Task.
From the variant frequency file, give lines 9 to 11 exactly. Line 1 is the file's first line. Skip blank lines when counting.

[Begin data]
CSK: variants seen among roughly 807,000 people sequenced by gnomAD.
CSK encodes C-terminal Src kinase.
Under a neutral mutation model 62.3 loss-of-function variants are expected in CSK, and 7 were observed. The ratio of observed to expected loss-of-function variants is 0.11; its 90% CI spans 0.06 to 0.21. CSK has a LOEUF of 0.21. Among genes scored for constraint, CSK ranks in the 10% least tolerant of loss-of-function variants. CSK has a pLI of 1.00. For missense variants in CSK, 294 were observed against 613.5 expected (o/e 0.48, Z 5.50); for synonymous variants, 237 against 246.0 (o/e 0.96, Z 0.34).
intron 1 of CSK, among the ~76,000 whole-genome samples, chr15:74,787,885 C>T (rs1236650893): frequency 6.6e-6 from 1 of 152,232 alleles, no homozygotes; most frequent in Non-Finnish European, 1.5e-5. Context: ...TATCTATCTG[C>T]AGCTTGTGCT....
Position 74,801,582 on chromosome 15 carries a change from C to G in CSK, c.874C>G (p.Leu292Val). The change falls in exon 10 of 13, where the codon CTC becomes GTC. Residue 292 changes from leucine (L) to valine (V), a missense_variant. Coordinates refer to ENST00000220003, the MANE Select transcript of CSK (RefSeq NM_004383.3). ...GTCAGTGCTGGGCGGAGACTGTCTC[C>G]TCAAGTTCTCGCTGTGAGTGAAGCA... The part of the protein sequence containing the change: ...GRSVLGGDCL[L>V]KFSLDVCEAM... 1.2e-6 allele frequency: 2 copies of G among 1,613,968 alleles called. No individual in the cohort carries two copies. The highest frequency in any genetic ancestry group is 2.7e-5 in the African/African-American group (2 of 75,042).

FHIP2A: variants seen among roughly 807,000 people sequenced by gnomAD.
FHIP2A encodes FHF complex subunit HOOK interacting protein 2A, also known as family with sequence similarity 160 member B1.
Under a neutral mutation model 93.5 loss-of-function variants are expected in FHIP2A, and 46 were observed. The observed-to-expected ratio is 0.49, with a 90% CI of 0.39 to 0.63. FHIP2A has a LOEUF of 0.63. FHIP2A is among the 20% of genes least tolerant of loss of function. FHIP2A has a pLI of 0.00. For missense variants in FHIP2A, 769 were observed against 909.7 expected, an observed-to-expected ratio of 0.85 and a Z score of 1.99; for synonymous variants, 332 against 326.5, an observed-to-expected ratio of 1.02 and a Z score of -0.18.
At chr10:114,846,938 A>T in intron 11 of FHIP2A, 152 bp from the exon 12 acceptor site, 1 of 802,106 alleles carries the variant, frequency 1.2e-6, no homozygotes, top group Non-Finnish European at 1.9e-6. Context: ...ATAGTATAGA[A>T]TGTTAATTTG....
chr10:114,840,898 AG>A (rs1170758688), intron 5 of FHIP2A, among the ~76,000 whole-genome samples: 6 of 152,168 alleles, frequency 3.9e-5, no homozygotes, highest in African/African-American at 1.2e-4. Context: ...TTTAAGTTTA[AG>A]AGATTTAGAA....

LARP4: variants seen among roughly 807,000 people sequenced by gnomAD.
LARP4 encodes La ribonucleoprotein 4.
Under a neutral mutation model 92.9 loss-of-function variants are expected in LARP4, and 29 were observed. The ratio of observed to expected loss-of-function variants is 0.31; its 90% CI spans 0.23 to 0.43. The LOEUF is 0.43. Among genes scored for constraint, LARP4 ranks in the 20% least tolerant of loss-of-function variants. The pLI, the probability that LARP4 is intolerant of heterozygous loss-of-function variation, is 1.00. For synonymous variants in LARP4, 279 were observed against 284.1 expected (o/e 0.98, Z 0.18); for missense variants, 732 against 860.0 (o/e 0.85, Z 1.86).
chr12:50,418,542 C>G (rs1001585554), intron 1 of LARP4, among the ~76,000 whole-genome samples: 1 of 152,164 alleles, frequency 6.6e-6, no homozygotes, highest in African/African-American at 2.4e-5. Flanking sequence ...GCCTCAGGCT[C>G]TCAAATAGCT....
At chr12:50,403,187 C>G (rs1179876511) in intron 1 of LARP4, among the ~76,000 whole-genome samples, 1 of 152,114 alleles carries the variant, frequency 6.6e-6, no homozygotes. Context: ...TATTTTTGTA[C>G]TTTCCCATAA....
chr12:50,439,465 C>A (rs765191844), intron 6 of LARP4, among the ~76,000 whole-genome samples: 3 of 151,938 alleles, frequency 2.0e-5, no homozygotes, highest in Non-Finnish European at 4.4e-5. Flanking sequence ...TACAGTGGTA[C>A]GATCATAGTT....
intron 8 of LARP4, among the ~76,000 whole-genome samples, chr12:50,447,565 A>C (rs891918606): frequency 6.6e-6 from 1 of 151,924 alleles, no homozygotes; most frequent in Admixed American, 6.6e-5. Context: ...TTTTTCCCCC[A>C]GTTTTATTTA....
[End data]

At chr10:114,846,938 A>T in intron 11 of FHIP2A, 152 bp from the exon 12 acceptor site, 1 of 802,106 alleles carries the variant, frequency 1.2e-6, no homozygotes, top group Non-Finnish European at 1.9e-6. Context: ...ATAGTATAGA[A>T]TGTTAATTTG....
chr10:114,840,898 AG>A (rs1170758688), intron 5 of FHIP2A, among the ~76,000 whole-genome samples: 6 of 152,168 alleles, frequency 3.9e-5, no homozygotes, highest in African/African-American at 1.2e-4. Context: ...TTTAAGTTTA[AG>A]AGATTTAGAA....

LARP4: variants seen among roughly 807,000 people sequenced by gnomAD.